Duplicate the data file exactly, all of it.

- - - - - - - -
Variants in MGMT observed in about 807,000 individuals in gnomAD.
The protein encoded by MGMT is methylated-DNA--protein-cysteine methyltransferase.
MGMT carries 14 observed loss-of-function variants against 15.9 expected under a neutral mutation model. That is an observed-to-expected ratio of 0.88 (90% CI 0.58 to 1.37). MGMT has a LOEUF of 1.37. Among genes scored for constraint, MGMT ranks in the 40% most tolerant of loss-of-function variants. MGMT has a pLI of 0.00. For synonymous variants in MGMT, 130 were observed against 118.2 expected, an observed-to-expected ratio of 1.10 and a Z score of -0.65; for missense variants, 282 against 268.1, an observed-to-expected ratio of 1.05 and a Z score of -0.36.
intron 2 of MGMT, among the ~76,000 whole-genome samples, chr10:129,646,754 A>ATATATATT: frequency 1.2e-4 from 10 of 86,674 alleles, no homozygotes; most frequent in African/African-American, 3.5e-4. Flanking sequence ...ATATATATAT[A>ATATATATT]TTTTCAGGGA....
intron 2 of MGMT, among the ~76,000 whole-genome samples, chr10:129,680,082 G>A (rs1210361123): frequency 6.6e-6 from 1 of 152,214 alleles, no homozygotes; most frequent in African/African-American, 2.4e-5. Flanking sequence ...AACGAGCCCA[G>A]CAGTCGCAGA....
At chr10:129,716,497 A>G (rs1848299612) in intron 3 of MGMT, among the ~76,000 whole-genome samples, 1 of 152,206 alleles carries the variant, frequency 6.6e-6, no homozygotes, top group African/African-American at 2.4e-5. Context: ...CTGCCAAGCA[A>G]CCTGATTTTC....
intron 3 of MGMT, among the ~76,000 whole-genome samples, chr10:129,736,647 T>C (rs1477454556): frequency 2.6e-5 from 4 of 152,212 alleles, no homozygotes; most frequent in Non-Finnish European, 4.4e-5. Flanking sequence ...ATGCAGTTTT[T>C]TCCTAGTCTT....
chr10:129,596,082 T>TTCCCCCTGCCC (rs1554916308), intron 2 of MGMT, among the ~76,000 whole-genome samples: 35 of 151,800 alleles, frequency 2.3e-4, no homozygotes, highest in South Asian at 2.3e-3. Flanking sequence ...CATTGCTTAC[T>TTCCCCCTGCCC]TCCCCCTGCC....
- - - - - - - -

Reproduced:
Variants in MGMT observed in about 807,000 individuals in gnomAD.
The protein encoded by MGMT is methylated-DNA--protein-cysteine methyltransferase.
MGMT carries 14 observed loss-of-function variants against 15.9 expected under a neutral mutation model. That is an observed-to-expected ratio of 0.88 (90% CI 0.58 to 1.37). MGMT has a LOEUF of 1.37. Among genes scored for constraint, MGMT ranks in the 40% most tolerant of loss-of-function variants. MGMT has a pLI of 0.00. For synonymous variants in MGMT, 130 were observed against 118.2 expected, an observed-to-expected ratio of 1.10 and a Z score of -0.65; for missense variants, 282 against 268.1, an observed-to-expected ratio of 1.05 and a Z score of -0.36.
intron 2 of MGMT, among the ~76,000 whole-genome samples, chr10:129,646,754 A>ATATATATT: frequency 1.2e-4 from 10 of 86,674 alleles, no homozygotes; most frequent in African/African-American, 3.5e-4. Flanking sequence ...ATATATATAT[A>ATATATATT]TTTTCAGGGA....
intron 2 of MGMT, among the ~76,000 whole-genome samples, chr10:129,680,082 G>A (rs1210361123): frequency 6.6e-6 from 1 of 152,214 alleles, no homozygotes; most frequent in African/African-American, 2.4e-5. Flanking sequence ...AACGAGCCCA[G>A]CAGTCGCAGA....
At chr10:129,716,497 A>G (rs1848299612) in intron 3 of MGMT, among the ~76,000 whole-genome samples, 1 of 152,206 alleles carries the variant, frequency 6.6e-6, no homozygotes, top group African/African-American at 2.4e-5. Context: ...CTGCCAAGCA[A>G]CCTGATTTTC....
intron 3 of MGMT, among the ~76,000 whole-genome samples, chr10:129,736,647 T>C (rs1477454556): frequency 2.6e-5 from 4 of 152,212 alleles, no homozygotes; most frequent in Non-Finnish European, 4.4e-5. Flanking sequence ...ATGCAGTTTT[T>C]TCCTAGTCTT....
chr10:129,596,082 T>TTCCCCCTGCCC (rs1554916308), intron 2 of MGMT, among the ~76,000 whole-genome samples: 35 of 151,800 alleles, frequency 2.3e-4, no homozygotes, highest in South Asian at 2.3e-3. Flanking sequence ...CATTGCTTAC[T>TTCCCCCTGCCC]TCCCCCTGCC....